Diana Butler Bass said in Christianity After Religion that we have to switch from the old pattern of “Behaving, Believing, then Belonging” to “Belonging, Behaving, then Believing.” Again, this is something we have to unlearn from seminary and from church tradition. It’s something you can’t teach, but you know it when you experience it: when you belong somewhere, you can be yourself. By finding a place where I can be myself, I am not only a more authentic minister, but a more authentic child of God and follower of Jesus. And in turn, I have found the church to be a more authentic body of Christ in all its diversity.

“The church is where my friends are. The church is where I can be myself. The church is where I belong,” the churchgoer told me. What are we doing to usher in that sense of belonging? What are we doing to bring about an understanding of authenticity, of a place where we are free to be who we are, with all our questions and doubts and head-scratching?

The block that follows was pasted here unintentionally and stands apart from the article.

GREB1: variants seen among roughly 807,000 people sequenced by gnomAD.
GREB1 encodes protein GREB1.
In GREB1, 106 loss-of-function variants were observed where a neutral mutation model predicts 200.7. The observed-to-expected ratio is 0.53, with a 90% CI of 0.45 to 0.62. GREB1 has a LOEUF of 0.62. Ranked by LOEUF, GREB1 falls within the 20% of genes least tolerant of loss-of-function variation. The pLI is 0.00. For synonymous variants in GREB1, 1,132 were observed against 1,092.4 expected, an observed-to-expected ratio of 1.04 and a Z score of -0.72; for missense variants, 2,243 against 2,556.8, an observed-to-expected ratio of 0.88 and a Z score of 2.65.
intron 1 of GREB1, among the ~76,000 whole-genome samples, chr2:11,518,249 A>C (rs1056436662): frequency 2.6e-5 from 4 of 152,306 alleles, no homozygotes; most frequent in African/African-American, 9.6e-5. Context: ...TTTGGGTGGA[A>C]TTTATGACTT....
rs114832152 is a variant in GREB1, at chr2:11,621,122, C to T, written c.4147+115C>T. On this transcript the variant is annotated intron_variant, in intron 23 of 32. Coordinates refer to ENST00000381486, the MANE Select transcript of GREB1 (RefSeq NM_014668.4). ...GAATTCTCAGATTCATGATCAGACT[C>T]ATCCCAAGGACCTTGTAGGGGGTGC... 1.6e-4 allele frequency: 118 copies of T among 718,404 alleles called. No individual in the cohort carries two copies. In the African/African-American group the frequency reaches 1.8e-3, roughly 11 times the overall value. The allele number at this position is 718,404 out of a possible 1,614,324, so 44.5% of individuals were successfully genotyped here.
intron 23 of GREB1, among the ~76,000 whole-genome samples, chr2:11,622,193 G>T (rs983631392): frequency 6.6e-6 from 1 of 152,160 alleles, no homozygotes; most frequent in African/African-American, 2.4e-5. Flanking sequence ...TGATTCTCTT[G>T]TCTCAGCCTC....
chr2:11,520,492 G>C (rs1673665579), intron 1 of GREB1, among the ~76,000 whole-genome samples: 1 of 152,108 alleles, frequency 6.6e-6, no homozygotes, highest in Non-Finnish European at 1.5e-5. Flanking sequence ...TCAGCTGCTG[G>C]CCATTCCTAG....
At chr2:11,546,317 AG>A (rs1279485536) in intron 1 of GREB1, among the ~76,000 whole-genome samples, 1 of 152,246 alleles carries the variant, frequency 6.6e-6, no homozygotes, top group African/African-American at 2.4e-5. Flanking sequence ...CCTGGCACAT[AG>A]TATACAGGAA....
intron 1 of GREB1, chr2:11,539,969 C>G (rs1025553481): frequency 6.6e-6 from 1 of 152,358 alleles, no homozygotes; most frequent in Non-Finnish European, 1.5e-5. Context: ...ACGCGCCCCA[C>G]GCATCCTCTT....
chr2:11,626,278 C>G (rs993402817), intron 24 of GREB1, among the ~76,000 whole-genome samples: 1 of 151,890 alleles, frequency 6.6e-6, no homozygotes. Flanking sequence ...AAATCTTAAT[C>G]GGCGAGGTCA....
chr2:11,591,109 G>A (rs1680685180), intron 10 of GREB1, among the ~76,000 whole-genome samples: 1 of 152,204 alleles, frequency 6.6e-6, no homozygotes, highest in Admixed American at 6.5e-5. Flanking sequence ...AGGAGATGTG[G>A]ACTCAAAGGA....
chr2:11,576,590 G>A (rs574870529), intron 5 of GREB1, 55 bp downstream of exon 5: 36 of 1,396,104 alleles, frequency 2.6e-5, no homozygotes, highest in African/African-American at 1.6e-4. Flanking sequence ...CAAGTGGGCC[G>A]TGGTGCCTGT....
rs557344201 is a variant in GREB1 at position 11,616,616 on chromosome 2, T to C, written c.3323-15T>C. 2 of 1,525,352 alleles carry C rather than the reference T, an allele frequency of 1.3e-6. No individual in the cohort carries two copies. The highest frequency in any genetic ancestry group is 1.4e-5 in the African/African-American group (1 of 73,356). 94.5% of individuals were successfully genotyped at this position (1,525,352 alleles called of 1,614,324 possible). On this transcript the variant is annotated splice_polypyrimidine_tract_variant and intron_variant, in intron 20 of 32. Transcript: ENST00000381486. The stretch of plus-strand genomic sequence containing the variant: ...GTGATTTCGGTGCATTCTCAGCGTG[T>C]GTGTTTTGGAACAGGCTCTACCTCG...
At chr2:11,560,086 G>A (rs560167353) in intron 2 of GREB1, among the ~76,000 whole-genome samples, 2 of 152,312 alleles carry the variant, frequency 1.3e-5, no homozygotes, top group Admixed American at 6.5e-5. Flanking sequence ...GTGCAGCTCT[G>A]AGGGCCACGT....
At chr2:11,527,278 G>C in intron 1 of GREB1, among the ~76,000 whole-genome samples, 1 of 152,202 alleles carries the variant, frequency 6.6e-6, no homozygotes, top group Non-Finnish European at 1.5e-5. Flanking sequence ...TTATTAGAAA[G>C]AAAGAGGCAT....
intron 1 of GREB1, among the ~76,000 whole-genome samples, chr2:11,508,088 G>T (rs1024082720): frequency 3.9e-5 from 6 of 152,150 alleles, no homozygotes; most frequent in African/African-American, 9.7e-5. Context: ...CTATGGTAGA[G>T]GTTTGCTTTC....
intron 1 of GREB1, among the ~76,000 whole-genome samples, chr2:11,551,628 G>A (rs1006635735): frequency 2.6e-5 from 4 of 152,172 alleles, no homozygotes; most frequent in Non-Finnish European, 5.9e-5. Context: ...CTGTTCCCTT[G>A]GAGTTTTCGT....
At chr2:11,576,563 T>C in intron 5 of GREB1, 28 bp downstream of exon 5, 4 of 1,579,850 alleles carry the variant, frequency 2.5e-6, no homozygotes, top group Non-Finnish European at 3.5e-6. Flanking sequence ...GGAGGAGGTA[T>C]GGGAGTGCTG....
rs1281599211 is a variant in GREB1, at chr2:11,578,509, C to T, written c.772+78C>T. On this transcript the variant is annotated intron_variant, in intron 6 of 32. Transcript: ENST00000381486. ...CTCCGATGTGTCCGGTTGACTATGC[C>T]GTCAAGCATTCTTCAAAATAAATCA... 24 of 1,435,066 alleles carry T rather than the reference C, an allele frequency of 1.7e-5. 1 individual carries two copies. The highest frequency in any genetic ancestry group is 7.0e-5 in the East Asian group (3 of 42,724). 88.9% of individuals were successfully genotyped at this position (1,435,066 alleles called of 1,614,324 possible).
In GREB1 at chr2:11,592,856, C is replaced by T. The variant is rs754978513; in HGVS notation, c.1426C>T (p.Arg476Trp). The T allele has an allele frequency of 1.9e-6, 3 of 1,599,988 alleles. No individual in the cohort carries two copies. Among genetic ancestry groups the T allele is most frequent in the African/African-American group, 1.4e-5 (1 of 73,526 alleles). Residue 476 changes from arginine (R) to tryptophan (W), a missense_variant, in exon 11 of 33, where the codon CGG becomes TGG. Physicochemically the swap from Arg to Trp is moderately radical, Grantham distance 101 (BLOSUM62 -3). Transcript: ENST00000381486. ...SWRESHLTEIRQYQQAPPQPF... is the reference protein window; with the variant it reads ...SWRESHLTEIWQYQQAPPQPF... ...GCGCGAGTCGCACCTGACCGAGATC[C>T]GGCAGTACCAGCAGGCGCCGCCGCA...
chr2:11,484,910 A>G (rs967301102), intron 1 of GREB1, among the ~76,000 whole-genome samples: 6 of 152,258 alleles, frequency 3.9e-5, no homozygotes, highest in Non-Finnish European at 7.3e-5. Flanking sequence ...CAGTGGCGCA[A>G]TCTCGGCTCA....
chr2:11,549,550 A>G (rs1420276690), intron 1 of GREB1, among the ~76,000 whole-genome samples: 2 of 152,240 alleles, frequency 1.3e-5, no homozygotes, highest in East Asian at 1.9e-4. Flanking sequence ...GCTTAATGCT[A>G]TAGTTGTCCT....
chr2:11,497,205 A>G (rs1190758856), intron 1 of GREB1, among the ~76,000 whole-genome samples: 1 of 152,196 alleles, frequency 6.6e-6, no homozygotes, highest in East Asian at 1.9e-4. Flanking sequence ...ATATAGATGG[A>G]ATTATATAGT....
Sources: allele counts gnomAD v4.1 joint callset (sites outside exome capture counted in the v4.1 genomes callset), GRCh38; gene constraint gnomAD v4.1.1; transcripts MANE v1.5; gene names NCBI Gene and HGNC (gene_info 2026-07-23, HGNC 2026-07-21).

The Move from Believing to Knowing

By Brian Carr

I had a roommate in college who was obsessed with Nutella. For those of you who don’t know, Nutella is essentially chocolate flavored peanut butter. He would put it on almost everything he ate – from toast to pancakes to apples. He always talked about how good it was and kept insisting that I needed to try it.

For a while I just trusted his opinion that it was good and never actually tried it. If people would ask me about Nutella, I would tell them that it was good simply because I had heard that it was good. I had no experience to base that statement on, and so I would never passionately defended Nutella to anyone who disagreed with me. 

I THOUGHT that Nutella was good, but I did not KNOW that Nutella was good. 

When it came to Nutella, I was only living in a world of half-truths. And then I tasted Nutella. And my eyes were opened to a wonderful aspect of this world that I had never truly known. 

Isn’t this true about many things in our lives?

I could talk to you about what it’s like to fall in love – when your heart races, when you feel butterflies in your stomach, when you get nervous and excited all at the same time when you think about that person. But do you know what it’s like to fall in love after hearing me talk about it? Does my defining and describing of love really let you FEEL love?